I'm not playing Overwatch as much as I did over the summer - one day, I even spent from midnight to 8am playing it, near non-stop - but I'm starting to get back into it now as part of its Christmas promotional event, plus the addition of new modes, new maps, new heroes in Ana and Sombra and other minor things.
I don't like my chances getting out unscathed again like I did this past summer. Then again, considering the quality of the game, is that such a bad thing?
1 - The Last Guardian
Finishing the game and when the credits were rolling, I had full on tears in my eyes and actually full on crying at how the game ended (it's still a fresh game with it only being a week after its release as of publishing this, so no spoilers). But in the same way Uncharted 4 did, The Last Guardian had honestly one of the best endings in a game this year. Quite honestly, it also had one of the best endings in a game full stop.
When the credits were in mid-roll, I started crying again. Merely because after the longest wait - ten years since the release of Shadow of the Colossus in Europe, nearly ten years in itself since the game started development and seven-and-a-bit years since it was first shown to the world (unofficially as Project Trico, then a month later at E3 officially as The Last Guardian) and the intervening years since - it had all been worth it.
A lot has happened to the world in the seven years since the game was first announced, as well as to the team behind it. Team Ico as a collective is no more within Japan Studio in the same way Team Silent effectively broke up after Silent Hill 4, Fumito Ueda left Sony and founded his own studio in genDesign and the game transferred from its originally slated plan of a PlayStation 3 exclusive due for release in time for Christmas 2011 to being a PlayStation 4 exclusive released in time for Christmas 2016 because of hardware limitations and other things.
Yes, the game does at times show its age a bit to a degree and could be argued in some sense it's a PS3 remaster for the PS4. But biggest of all yes, the camera and framerate do hamper the game, especially the latter towards the end of the game, at least on a base PS4 (PS4 Pro performance is apparently better, though I can't confirm that).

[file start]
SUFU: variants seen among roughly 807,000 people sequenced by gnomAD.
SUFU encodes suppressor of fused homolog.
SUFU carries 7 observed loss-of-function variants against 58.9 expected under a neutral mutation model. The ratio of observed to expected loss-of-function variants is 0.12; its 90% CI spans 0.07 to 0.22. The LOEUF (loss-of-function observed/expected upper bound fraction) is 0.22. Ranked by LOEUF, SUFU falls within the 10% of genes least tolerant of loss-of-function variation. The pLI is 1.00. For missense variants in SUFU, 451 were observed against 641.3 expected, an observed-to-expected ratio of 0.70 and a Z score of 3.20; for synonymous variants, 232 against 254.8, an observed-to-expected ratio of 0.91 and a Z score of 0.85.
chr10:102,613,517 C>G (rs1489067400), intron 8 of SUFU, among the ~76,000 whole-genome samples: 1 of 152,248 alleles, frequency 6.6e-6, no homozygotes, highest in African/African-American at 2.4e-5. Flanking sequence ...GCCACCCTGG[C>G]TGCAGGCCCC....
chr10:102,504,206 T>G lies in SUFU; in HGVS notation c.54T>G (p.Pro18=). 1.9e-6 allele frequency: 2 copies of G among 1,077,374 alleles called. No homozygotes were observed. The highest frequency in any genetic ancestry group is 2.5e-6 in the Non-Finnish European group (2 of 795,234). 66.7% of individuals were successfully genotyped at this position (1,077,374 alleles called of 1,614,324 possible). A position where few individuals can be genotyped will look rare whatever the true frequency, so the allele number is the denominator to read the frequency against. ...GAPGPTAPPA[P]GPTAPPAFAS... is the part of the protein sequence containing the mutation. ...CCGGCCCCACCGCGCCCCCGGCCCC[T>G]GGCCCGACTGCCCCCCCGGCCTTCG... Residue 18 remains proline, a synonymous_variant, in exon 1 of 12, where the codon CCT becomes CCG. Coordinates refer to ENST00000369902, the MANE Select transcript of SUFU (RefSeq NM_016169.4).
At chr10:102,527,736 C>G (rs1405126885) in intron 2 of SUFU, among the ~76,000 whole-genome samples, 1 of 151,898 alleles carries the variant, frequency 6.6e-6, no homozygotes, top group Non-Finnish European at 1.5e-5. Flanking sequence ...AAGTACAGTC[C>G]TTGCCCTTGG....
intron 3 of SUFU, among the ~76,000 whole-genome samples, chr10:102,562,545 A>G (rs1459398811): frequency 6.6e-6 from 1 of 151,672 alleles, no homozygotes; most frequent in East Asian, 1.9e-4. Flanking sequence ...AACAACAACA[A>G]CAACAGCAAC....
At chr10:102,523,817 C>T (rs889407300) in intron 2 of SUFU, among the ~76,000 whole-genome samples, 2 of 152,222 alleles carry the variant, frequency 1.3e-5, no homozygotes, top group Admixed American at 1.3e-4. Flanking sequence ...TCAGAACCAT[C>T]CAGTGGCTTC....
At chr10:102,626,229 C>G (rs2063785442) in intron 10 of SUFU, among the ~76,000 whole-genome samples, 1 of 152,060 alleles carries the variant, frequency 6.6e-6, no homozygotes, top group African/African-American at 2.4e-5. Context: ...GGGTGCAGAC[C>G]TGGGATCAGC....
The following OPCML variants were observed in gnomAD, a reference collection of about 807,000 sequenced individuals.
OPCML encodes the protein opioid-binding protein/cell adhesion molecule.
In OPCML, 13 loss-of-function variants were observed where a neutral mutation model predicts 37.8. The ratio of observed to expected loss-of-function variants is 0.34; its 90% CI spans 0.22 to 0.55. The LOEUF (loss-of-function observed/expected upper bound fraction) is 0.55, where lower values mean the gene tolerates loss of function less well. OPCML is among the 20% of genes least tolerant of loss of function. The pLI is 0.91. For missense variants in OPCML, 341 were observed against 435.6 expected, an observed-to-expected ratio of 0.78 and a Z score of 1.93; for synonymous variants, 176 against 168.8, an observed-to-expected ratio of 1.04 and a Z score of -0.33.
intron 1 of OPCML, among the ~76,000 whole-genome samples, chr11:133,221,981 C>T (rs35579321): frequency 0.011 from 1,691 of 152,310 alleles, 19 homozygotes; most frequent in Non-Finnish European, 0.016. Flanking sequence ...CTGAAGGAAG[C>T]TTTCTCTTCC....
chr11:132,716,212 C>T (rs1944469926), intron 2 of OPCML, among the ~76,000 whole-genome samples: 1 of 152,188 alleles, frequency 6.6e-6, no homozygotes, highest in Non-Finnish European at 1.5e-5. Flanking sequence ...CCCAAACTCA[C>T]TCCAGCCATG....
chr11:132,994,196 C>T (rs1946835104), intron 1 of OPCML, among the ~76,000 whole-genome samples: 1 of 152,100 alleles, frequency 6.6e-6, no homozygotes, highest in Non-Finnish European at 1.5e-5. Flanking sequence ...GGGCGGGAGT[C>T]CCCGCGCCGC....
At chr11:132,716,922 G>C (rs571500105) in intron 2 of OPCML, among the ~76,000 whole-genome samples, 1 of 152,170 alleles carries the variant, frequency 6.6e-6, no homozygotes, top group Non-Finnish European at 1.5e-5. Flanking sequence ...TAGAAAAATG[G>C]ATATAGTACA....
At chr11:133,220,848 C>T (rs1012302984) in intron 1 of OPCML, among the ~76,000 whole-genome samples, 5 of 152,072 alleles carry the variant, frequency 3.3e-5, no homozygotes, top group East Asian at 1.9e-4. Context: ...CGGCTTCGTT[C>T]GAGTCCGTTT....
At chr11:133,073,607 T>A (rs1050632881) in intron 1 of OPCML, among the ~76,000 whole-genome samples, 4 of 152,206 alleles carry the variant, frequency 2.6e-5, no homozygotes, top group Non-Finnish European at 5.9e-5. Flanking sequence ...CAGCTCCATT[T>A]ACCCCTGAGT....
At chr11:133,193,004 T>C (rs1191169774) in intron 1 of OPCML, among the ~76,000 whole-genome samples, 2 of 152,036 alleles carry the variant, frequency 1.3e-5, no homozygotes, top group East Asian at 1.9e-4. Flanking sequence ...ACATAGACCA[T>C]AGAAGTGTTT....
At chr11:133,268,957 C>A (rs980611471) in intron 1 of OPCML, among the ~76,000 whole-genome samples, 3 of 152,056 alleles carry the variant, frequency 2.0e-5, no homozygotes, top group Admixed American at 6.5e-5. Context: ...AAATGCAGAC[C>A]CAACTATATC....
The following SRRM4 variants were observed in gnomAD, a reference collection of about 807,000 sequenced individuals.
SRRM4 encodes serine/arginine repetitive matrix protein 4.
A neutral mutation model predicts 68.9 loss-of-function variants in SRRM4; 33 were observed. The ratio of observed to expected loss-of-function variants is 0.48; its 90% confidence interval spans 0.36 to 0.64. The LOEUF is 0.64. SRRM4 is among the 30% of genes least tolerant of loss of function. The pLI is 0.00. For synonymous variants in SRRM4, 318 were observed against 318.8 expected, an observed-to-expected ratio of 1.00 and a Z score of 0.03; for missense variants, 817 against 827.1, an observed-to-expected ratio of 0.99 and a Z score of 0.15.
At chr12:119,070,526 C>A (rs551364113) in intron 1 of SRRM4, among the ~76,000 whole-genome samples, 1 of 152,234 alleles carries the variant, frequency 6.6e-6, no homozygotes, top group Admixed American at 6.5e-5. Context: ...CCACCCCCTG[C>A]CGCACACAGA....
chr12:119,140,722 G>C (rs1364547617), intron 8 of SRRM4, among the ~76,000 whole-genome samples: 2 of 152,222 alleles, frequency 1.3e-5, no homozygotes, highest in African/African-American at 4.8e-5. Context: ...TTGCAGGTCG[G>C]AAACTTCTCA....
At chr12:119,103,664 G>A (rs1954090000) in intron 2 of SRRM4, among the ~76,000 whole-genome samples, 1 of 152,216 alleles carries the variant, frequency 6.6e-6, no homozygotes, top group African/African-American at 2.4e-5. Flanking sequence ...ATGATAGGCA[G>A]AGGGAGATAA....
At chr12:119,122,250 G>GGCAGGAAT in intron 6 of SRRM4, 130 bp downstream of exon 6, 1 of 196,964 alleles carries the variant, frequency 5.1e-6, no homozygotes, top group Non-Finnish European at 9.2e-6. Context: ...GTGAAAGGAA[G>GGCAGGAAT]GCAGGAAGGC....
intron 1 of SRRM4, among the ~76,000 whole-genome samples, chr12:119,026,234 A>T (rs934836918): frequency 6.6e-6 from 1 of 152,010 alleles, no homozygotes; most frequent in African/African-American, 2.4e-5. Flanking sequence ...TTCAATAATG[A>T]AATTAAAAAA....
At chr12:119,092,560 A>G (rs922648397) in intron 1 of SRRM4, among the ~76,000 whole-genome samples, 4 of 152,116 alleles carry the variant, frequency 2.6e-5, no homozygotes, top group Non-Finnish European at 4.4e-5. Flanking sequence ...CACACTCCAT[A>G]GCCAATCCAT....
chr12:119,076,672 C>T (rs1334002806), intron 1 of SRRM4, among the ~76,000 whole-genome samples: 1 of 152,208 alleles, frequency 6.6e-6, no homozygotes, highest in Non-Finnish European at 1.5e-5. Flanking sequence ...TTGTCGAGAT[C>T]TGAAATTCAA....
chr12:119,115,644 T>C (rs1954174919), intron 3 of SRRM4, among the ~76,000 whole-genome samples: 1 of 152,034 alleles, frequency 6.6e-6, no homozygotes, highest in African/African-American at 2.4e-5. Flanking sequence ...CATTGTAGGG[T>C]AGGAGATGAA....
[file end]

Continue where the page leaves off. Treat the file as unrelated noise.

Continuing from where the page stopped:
But whereas with any other game which I would rightfully slaughter for with such bad camera and framerate issues - and is something still worth criticising here - with The Last Guardian, I didn't care as much. Mainly because the experience over-rided any negative experience I had with the camera and framerate.
Playing the game, all I could do was just coo and caw at Trico as he pawed away at a barrel in the most adorable fashion, just laugh at how petrified he was of water before he'd have to jump in and make a massive splash and how at one point just be impressed at how he'd spear enemy soldiers proper Roman Reigns style at one point playing the game that he'd look out for you as the boy to that extent.
Look, I can talk to you about the game's amazing art direction, utterly incredible score, its fantastic puzzles, and great setpieces - finally playing the section from E3 2015 when the game was reannounced was great, but there's even better and more incredible setpieces after - but truly, the game's star of the show is - and in hindsight, always has been - Trico.
There have been many games before that have raised the bar in AI companions and the stories you go through with them: the boy and Yorda of Ico, Gordon Freeman and Alyx Vance of Half-Life 2 and its episodes, Booker DeWitt and Elizabeth Comstock of BioShock Infinite, Joel and Ellie of The Last of Us, to name a few. But - and while I realise what I'm about to say verges on hyperbole - I don't think I've ever encountered a companion as real in a game as Trico until now.
His behaviorisms, both in dog and cat variety, the way he'll look out for you after gaining his trust, you as the player to develop the patience of a saint to get him to follow your orders. Basically, he is the living embodiment of a pet realised in a game to an unreal impressive level in what should be - and is for me - an achievement in AI and character design in games. For me, Trico is what defines the experience of The Last Guardian for me.
Trico and the story the game took me through was enough to get me to overlook any major and minor quirk and flaw it had. Because it felt like something truly special, something unique. At this point, those things being trademarks and hallmarks of a Ueda game.
Credit to Fumito Ueda and the development team at Japan Studio as well as genDesign plus the Sony higher ups - including Sony Interactive Entertainment Worldwide Studios boss Shuhei Yoshida - for keeping the faith in the game after so long when any other publisher would have cut their losses and bailed, even when the appetite was still there.
Because ten years since development started, in every possible sense, The Last Guardian was worth the wait.
Honourable Mentions: Gravity Rush Remastered, Valkyria Chronicles Remastered, Tokyo Mirage Sessions #FE, Deus Ex: Mankind Divided, F1 2016, Gears of War 4, Hitman, DriveClub VR, The Division and No Man's Sky.
Games that came too late for the cut-off: Final Fantasy XV; Superhot; The Witness; Firewatch; That Dragon, Cancer; I Am Setsuna; Abzu; Virginia.